Derek Lowe, one of my favorite chemist bloggers, wrote this up recently about the sensationalist commercials targeting sodium benzoate: “Somehow, turning fresh, pure benzoic acid into its sodium salt puts the Curse of the Vat onto it, and this evil stain can never be removed, as we all know. The first idiotic part of this, as the chemists are well aware, is that in foods that contain benzoic acid, a goodly fraction of it is already present as the benzoate anion. […] Benzoic acid is found (as a completely natural metabolite and intermediate) in a huge variety of foods, especially fruits and vegetables – berries are particularly high in it, but it’s also found in aromatic spices such as cinnamon and allspice. There’s not much in meat, but it is found in seafood, and in milk, particularly in fermented milk products such as completely natural, non-GMO yogurt made by people wearing unbleached hemp clothing and singing to each other about their feelings. OK, I’ll try to resist going off like that again (it’s difficult), but it’s certainly true that the bacterial metabolic pathways in fermented milk products like cheese and yogurt produce a good amount of benzoate.”

The problem, of course, with assuming that stuff like this is a legitimate danger, or paying too much attention to the stickers and tags warning that ‘according to California this product may cause cancer’, is that people either stop paying any attention at all to them, or they assume that they are valid. That latter conclusion is a problem. Studies that show a substance causes cancer in a rat or mouse are usually based on data that involved feeding (or rubbing on them, or injecting, or…) an extremely high dosage versus body size. So if a gram is fed to a 1 kg rat, say, you’d have to eat more like 100 grams. Pick up the nearest food product to you and read off how much it weighs in grams – most if not all labels will have this information. We Americans are married to the imperial system, but science likes things easier, so we’re all SI (Systeme Internationale) and you’ll have to be patient with me. Now, imagine eating that much of whatever carcinogenic substance you’re worried about. Daily. For a prolonged period of time. There are very few substances that will cause cancer in small enough doses for you to be worried about it in normal day-to-day life.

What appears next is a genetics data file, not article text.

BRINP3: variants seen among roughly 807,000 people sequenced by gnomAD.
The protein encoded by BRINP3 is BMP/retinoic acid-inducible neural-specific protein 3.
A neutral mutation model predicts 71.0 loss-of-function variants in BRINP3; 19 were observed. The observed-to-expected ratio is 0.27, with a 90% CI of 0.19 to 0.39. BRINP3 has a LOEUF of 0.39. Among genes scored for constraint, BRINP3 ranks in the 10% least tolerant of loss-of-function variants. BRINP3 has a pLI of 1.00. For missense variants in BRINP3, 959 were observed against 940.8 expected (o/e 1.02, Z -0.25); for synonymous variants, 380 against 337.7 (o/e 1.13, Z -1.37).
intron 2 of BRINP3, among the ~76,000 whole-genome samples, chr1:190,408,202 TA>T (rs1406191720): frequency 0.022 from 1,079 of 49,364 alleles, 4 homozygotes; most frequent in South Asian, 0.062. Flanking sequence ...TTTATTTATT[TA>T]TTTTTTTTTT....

Animal testing, sometimes called in vivo testing, is one of the primary ways science can determine just how toxic a substance is. These model organisms are chosen for how similar they are to human systems, but that similarity is not always as close as perhaps it should be. Additionally, in order to give a living thing cancer, you have to use what is called the Maximum Tolerated Dose (MTD). The idea here is to kill healthy cells off, forcing nearby cells to reproduce to fill in the gap (so to speak. You can actually think of this as a parallel to stabbing them with a knife, repeatedly, and waiting for them to heal again. And that too can lead to cancer). During cell division, the DNA is vulnerable to mutations, and eventually, with enough divisions, there will be mutations. With enough mutations (it’s not just one, it’s usually at minimum two or three) the cells start to go insane, and divide and reproduce out of control. Voila! You can cause cancer. The alternative to this, by the way, is known as the Ames test when it’s done in a petrie dish with specially mutated bacteria, and it’s a fascinating process which can be very helpful in things like drug development and testing.